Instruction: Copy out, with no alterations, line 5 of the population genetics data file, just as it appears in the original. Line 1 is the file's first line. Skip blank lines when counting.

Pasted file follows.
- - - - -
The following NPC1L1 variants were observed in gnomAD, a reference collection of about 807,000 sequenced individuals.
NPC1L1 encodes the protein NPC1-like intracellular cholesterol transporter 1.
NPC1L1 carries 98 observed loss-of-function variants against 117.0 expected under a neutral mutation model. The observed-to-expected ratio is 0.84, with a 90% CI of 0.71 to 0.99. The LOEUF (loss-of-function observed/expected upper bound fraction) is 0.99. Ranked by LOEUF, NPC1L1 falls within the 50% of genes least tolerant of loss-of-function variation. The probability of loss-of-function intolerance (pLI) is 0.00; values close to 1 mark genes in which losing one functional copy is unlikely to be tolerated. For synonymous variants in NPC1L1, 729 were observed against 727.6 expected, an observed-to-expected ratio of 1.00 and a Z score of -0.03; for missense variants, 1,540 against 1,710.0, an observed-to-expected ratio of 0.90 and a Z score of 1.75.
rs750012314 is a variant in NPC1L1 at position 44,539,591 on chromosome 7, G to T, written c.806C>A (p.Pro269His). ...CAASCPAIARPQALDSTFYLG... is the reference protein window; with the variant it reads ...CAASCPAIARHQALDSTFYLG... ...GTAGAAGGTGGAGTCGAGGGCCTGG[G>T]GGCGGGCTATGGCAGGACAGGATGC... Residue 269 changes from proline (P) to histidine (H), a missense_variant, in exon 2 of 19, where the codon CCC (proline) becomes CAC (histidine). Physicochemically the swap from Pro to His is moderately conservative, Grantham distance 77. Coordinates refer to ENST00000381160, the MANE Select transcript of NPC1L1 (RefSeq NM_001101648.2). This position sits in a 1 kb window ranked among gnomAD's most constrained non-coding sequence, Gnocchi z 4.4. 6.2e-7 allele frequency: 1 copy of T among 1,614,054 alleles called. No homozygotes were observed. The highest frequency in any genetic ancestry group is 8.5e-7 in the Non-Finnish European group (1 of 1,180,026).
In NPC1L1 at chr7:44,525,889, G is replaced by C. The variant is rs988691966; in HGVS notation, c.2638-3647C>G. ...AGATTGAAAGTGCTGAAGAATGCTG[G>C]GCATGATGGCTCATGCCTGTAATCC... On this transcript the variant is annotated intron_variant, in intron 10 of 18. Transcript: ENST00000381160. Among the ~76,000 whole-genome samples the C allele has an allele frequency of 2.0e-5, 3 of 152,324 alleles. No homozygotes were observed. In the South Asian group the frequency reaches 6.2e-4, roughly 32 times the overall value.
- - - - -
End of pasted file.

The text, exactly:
In NPC1L1 at chr7:44,525,889, G is replaced by C. The variant is rs988691966; in HGVS notation, c.2638-3647C>G. ...AGATTGAAAGTGCTGAAGAATGCTG[G>C]GCATGATGGCTCATGCCTGTAATCC... On this transcript the variant is annotated intron_variant, in intron 10 of 18. Transcript: ENST00000381160. Among the ~76,000 whole-genome samples the C allele has an allele frequency of 2.0e-5, 3 of 152,324 alleles. No homozygotes were observed. In the South Asian group the frequency reaches 6.2e-4, roughly 32 times the overall value.